Growing up, I heard a lot of anecdotal exclamations about cars becoming smaller in every way imaginable with each downsizing. But did they really?
As this issue has been bugging me for a while now, I had to investigate. For this particular examination, I have focused strictly on Ford-built products to better illustrate my findings. Perhaps another occasion could see this expanded to various other manufacturers.
Let’s start in the past and work our way forward.
The first entry into our comparison will be the mid-sized 1968 Ford Fairlane. This is the first year for this generation, a departure from the Dragnet-era predecessor.
We will compare the Fairlane to the 1969 Ford Galaxie (okay, this is a Custom; is there really any tangible difference?). As luck would have it, 1969 was the first year of an updated generation of full-sized Ford. It’s also safe to say the 1969 Fairlane had dimensions little changed from 1968.
For giggles, and to illustrate what was different when flipping the extra coin for a Mercury, we will also look at the 1969 Mercury Marquis.
When looking at these dimensions, there is a clear distinction in most cases between the Fairlane and Galaxie. This should come as no surprise. What does come as a surprise is nearly identical front and rear headroom, as well as the lesser amount of legroom, in the Galaxie.
Transitioning our comparison to the Galaxie and Marquis, we see the Marquis has less headroom in both the front and rear. We also see a smaller fuel tank which is intriguing as I pulled information for a 240 six-cylinder Ford and a 429 V8 Mercury.
The truest area of intrigue is comparing the Fairlane and the Marquis. Going bigger really didn’t net a bigger catch in several instances, such as front legroom.
In an effort to keep this comparison as equitable as possible, all three of these dimensions come from those of the four-door sedans.
As the 1970s wore on, and moving into the 1980s, it became apparent that downsizing was the name of the game. So while the names have changed in this next round, the function is still the same.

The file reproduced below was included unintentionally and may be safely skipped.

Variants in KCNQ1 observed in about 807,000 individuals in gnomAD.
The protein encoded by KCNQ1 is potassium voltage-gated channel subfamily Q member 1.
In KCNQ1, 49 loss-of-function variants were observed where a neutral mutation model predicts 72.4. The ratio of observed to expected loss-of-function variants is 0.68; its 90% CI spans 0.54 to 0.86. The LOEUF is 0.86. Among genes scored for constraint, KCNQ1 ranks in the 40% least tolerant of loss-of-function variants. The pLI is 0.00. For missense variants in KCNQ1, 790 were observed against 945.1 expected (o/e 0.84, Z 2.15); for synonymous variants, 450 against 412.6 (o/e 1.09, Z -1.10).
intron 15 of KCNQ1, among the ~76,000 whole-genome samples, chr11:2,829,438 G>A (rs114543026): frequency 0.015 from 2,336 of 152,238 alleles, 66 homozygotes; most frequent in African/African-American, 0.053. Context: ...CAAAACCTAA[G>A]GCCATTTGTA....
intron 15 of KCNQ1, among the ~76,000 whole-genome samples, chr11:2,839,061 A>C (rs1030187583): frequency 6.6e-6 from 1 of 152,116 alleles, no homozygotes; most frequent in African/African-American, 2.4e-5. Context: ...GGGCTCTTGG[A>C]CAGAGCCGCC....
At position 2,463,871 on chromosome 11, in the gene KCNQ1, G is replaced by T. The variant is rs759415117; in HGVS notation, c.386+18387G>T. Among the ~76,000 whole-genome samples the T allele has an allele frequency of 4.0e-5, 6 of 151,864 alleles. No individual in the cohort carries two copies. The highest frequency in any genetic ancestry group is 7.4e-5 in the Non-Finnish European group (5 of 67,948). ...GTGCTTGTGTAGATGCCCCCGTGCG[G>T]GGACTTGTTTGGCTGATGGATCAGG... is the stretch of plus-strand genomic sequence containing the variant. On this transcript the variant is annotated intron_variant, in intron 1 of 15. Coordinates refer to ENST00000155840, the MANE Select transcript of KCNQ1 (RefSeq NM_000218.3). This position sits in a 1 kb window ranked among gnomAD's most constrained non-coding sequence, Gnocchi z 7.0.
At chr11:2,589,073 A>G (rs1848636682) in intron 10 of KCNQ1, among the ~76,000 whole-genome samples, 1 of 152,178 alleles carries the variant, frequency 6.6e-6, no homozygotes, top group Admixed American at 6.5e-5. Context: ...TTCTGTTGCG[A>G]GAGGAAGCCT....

Here we have the 1983 Ford LTD. This is the Fox-bodied LTD that originated in the 1978 Ford Fairmont and would live until 1993 with the Ford Mustang.
In the other corner, we also have the 1983 Ford LTD Crown Victoria, the Panther based full-sizer that saw duty until 2011.
The Mercury Grand Marquis is not being included here as, apart from overall length, all dimensions are identical to those of the Ford. The exclusivity of a Mercury was quickly eroding.
For comparison and contrast, the 1986 Ford Taurus has also been thrust into the crosshairs of scrutiny. The Taurus had a huge influence on the direction the American automobile would take, as its execution was quite outside the traditional Detroit mindset. This comparison would be incomplete without the Taurus.
There is distinction aplenty between the LTD and the Crown Victoria. Except for headroom, there is a distinct difference between the two and a buyer got the size they paid for. At 22.4 cubic feet, the Crown Vic has the best trunk room of anything we will be examining. Its interior room is also the best we will see, beating out the cabin volume of the 1969 Mercury Marquis. All this from the “downsized” Panther, a car that keeps touting its perpetually underestimated engineering prowess over thirty years later.
The Panther does start to pale in some regards in comparison to the original 1986 Taurus. The original Taurus was a very good car and the nameplate is still around. Let’s fast-forward thirty-two years.
For the 2015 model year, Ford has the Fusion as its mid-sized model. For this comparison, dimensions for the SE trim level are being used as the hybrid does vary considerably in some dimensions.
After a brief hiatus several years ago, the Taurus name has returned and is being slapped on what is now the biggest Ford available. With automotive progression getting faster by the year, let’s see how these two stack up:
So what does stepping up to the 2015 Taurus get you over the Fusion? A longer wheelbase and a bigger trunk plus a cabin that is smaller in nearly every other measurement. Perhaps this is why Ford has this information buried so deep in their website.
To its credit, the 2015 Taurus is bigger in every regard that was the original 1986 model.
While I have limited this examination to Ford products, would such an examination of other manufacturers reveal similar information? And, from a truly subjective feel, do the raw numbers reflect how this room is being apportioned?